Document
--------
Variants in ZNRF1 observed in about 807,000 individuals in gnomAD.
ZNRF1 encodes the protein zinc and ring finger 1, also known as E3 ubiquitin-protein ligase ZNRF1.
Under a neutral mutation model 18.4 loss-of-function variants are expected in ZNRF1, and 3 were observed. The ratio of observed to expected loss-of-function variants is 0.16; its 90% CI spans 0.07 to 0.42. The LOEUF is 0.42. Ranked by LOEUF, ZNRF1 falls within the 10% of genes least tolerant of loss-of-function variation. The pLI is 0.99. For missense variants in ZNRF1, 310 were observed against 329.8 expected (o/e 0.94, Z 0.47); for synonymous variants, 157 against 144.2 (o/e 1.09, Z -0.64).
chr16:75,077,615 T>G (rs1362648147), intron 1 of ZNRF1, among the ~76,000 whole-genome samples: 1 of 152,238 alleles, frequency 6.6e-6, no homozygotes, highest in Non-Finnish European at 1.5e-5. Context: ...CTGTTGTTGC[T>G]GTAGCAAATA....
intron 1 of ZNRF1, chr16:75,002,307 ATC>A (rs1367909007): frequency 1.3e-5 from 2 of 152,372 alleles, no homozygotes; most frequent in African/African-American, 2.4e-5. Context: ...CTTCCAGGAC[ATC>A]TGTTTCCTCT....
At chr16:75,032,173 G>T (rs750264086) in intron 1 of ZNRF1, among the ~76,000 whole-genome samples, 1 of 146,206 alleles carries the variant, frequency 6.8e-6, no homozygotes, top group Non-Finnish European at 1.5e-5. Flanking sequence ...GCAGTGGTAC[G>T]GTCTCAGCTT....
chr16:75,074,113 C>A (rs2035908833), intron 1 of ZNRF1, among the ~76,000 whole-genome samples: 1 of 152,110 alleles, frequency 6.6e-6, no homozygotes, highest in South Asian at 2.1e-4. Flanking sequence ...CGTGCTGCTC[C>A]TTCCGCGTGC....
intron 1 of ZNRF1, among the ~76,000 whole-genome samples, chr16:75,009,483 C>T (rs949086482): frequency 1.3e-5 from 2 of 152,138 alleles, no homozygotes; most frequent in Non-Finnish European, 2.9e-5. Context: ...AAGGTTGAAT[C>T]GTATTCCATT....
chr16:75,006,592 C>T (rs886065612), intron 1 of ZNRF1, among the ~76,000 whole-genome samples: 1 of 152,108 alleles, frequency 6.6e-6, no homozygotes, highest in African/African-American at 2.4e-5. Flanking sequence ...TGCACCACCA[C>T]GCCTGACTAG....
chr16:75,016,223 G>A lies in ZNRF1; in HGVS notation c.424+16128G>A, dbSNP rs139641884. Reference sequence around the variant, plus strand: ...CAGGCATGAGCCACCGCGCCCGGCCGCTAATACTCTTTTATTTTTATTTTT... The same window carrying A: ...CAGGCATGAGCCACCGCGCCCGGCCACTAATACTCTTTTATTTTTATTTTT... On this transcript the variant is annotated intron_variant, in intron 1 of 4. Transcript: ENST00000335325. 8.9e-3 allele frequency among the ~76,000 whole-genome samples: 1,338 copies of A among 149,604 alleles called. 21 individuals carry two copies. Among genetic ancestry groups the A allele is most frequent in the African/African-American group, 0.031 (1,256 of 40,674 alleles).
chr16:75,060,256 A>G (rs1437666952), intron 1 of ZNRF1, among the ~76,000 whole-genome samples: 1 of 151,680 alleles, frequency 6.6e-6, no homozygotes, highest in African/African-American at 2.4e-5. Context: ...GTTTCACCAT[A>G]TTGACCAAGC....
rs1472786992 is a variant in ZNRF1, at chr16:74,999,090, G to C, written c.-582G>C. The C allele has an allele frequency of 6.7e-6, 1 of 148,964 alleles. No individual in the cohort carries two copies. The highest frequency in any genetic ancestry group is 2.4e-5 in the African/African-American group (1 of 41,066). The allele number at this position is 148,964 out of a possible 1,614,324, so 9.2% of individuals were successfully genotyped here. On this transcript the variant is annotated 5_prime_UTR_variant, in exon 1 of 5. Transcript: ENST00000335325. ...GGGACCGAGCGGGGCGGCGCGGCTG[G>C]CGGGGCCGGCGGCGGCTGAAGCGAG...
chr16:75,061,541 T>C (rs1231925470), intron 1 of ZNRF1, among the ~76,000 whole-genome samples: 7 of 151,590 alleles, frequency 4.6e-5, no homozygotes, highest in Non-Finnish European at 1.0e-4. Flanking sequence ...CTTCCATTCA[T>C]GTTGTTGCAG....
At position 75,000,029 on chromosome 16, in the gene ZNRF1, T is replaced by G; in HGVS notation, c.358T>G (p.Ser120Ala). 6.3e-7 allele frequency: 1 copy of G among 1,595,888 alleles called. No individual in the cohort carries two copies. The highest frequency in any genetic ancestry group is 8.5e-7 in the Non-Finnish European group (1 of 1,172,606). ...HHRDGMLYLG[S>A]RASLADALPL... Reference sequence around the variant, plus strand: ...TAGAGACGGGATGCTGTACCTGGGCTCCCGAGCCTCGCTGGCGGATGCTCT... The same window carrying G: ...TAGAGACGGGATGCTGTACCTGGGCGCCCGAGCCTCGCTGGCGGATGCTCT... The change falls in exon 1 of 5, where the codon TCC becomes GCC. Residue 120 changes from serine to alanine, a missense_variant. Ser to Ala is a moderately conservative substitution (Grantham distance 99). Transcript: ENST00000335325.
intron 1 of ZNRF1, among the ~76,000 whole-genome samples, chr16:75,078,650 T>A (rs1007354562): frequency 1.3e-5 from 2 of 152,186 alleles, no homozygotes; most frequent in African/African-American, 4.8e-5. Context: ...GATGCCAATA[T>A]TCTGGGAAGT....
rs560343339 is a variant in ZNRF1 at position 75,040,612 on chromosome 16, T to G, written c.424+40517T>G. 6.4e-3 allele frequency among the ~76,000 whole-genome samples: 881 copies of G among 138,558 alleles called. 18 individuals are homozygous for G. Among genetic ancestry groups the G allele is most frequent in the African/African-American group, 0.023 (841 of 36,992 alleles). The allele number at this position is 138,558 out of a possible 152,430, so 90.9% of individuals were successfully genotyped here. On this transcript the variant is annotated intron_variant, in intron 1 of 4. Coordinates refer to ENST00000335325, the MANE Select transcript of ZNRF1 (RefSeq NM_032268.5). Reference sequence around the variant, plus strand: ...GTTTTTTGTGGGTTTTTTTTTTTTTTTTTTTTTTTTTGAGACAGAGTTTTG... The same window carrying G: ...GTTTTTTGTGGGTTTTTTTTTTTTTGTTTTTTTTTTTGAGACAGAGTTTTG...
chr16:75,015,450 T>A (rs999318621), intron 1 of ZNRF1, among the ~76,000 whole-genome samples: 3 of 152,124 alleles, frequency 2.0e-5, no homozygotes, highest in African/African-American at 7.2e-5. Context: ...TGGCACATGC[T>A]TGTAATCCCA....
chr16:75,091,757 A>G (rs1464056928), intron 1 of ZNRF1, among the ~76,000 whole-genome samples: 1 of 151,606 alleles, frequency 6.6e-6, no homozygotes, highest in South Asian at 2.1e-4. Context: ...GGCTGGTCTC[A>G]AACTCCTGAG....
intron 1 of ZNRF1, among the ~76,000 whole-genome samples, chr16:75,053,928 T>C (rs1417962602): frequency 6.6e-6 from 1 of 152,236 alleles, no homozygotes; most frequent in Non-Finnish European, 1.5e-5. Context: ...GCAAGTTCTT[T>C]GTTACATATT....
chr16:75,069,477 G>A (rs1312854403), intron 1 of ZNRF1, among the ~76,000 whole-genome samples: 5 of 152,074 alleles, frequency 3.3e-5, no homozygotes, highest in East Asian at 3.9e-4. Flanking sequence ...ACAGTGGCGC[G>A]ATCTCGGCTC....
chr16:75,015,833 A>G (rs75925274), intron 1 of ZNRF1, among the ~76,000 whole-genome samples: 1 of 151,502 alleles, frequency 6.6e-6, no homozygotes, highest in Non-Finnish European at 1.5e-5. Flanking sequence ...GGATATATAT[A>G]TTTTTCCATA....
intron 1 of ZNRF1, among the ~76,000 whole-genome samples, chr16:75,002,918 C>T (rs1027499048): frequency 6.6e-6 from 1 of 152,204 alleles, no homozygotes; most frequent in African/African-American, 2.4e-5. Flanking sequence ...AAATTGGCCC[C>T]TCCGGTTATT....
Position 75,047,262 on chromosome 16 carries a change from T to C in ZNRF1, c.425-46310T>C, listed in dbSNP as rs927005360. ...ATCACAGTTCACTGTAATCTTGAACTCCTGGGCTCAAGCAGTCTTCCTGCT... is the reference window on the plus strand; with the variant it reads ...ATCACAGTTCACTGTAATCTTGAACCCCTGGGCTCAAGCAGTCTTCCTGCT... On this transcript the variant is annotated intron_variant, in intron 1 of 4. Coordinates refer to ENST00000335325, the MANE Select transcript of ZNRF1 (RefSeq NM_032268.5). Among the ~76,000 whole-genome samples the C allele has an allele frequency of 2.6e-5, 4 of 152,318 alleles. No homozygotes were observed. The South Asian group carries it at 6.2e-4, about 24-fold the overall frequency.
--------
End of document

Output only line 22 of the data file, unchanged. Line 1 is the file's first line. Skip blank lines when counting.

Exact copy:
intron 1 of ZNRF1, among the ~76,000 whole-genome samples, chr16:75,002,918 C>T (rs1027499048): frequency 6.6e-6 from 1 of 152,204 alleles, no homozygotes; most frequent in African/African-American, 2.4e-5. Flanking sequence ...AAATTGGCCC[C>T]TCCGGTTATT....